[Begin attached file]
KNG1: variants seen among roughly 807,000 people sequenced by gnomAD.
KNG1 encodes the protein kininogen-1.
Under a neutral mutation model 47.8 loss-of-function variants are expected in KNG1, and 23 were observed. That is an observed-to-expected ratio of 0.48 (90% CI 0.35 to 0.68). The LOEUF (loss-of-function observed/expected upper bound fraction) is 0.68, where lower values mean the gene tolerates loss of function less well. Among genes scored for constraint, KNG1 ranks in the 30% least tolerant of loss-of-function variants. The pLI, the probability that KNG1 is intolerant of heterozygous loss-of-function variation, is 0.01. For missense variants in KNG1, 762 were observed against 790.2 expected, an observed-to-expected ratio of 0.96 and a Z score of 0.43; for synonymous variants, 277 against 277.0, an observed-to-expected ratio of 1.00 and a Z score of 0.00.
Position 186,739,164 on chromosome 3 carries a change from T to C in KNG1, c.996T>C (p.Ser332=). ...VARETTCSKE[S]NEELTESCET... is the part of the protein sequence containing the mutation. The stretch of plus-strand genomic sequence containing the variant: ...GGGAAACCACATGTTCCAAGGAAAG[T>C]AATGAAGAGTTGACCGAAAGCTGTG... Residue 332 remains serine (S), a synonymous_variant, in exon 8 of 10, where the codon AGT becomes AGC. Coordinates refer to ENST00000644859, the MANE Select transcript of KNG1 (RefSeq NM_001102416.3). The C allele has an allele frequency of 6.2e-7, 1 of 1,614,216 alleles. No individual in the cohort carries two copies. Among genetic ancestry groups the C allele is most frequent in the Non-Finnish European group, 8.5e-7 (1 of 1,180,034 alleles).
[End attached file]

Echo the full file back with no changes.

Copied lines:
KNG1: variants seen among roughly 807,000 people sequenced by gnomAD.
KNG1 encodes the protein kininogen-1.
Under a neutral mutation model 47.8 loss-of-function variants are expected in KNG1, and 23 were observed. That is an observed-to-expected ratio of 0.48 (90% CI 0.35 to 0.68). The LOEUF (loss-of-function observed/expected upper bound fraction) is 0.68, where lower values mean the gene tolerates loss of function less well. Among genes scored for constraint, KNG1 ranks in the 30% least tolerant of loss-of-function variants. The pLI, the probability that KNG1 is intolerant of heterozygous loss-of-function variation, is 0.01. For missense variants in KNG1, 762 were observed against 790.2 expected, an observed-to-expected ratio of 0.96 and a Z score of 0.43; for synonymous variants, 277 against 277.0, an observed-to-expected ratio of 1.00 and a Z score of 0.00.
Position 186,739,164 on chromosome 3 carries a change from T to C in KNG1, c.996T>C (p.Ser332=). ...VARETTCSKE[S]NEELTESCET... is the part of the protein sequence containing the mutation. The stretch of plus-strand genomic sequence containing the variant: ...GGGAAACCACATGTTCCAAGGAAAG[T>C]AATGAAGAGTTGACCGAAAGCTGTG... Residue 332 remains serine (S), a synonymous_variant, in exon 8 of 10, where the codon AGT becomes AGC. Coordinates refer to ENST00000644859, the MANE Select transcript of KNG1 (RefSeq NM_001102416.3). The C allele has an allele frequency of 6.2e-7, 1 of 1,614,216 alleles. No individual in the cohort carries two copies. Among genetic ancestry groups the C allele is most frequent in the Non-Finnish European group, 8.5e-7 (1 of 1,180,034 alleles).